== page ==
Google is no stranger to the top spot, but this is largely because Google has not stood still. With the exception of navigation (a weak spot overall) Google continues to lead not only in the globalization of its web applications but its mobile apps. YouTube, for example, supports a 54-language mobile app. Few apps available today surpass 20 languages; most mobile apps support fewer than 10 languages.

Hotels.com has done remarkably well over the past two years and, in large part, due to its investment in mobile websites and apps. While web services companies like Amazon and Twitter certainly do a very good job with mobile, I find that travel services companies are just as innovative, if not more so.

Philips improved its ranking due to its improved global gateway. And Microsoft and HP also saw gains due to their website redesigns, which also included improved global gateways.

New to the Top 25 this year are Starbucks, Merck, and KPMG.

As a group, the top 25 websites support an average of 50 languages. And while this number is skewed highly by Wikipedia and Google, if we were to remove those websites the average would still be above 35 languages.

The companies on this list also demonstrate a high degree of global design consistency across most, if not all, localized websites. This degree of consistency allows them to focus their energies on content localization, which these companies also do well. And more than 20 of the companies support websites optimized for smartphones.

I’ll have more to say in the weeks ahead. You can download an excerpt here.

And if you have any questions at all, just ask.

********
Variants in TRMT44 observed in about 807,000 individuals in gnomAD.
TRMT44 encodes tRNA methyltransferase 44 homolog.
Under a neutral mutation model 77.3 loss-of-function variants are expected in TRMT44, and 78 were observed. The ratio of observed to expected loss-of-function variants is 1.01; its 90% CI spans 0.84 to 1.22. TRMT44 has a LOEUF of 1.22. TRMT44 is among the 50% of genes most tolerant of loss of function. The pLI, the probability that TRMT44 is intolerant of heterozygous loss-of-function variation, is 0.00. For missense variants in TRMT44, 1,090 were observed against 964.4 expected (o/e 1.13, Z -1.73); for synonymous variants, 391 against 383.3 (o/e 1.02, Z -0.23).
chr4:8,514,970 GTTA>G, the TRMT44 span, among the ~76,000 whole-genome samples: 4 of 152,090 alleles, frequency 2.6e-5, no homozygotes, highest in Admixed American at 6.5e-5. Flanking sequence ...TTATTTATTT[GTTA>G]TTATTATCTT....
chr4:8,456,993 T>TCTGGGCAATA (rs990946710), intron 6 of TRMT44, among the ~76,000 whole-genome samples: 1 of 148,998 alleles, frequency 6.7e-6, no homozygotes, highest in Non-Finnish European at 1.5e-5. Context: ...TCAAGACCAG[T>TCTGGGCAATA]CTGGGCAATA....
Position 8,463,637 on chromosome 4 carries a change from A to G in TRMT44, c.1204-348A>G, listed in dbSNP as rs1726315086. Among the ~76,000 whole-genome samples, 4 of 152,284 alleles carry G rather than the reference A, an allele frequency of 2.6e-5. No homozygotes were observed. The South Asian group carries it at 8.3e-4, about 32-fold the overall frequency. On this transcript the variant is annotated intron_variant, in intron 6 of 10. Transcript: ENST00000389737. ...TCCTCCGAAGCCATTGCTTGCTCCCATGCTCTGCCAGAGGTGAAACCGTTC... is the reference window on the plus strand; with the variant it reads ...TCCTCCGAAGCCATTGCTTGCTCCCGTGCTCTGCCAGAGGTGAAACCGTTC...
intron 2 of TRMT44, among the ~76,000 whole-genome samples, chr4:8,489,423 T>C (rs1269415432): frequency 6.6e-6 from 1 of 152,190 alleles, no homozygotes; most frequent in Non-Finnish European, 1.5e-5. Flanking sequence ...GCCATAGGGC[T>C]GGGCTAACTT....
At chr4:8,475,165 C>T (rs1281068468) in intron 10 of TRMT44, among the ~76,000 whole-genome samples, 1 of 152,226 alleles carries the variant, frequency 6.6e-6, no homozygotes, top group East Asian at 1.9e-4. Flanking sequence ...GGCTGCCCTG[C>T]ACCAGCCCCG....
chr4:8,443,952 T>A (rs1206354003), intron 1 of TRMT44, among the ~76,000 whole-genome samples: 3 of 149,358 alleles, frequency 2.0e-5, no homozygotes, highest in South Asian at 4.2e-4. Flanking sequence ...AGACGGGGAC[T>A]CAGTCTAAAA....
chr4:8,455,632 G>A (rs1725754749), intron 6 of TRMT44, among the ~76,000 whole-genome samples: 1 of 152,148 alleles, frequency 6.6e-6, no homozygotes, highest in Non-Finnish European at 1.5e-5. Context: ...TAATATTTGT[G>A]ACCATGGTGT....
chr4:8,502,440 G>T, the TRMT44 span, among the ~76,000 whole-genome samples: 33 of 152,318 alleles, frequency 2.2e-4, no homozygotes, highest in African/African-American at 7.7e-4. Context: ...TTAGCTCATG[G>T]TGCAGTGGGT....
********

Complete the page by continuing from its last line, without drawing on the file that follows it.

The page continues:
Starbucks modifies its global gateway, but problems remain

I noticed recently that Starbucks had launched a new web design, probably to coincide with its newly austere logo. Unfortunately, the new global gateway didn’t improve on the old global gateway.

Here’s the old gateway:

And here’s the latest version:

 

The positioning of the gateway is ideal, but the text links themselves are problematic. Only a few country names are listed in the native language, such as “Germany/Deutschland.”

If you offer a translated web site, the link to that site should be in the local languages, but Starbucks is oddly inconsistent in this regard.

For example, the link to the Brazilian site uses the “z” spelling, which might create the incorrect impression that the Brazil site has not been localized. In fact, Starbucks does support a localized site for Brazil.

In the great scheme of things, this is a minor detail, but for end users, it’s a sign that Starbucks didn’t fully think through the local user experience. Minor details can add up.

Now let’s look at the local sites. Oddly, they do not use the same global gateway.

Shown below is the France site. When I clicked on the gateway link (down the left column), I got an empty window. This was true with a number of European sites. Evidently, Starbucks is still ironing out the wrinkles of its new site. But regardless of the bug, why not use the same global gateway across all web sites?

A web redesign is a great opportunity to improve the global gateway, to make it more user friendly and more consistent across all localized web sites. Starbucks missed an opportunity here.

For more information on global gateways, check out The Art of the Global Gateway.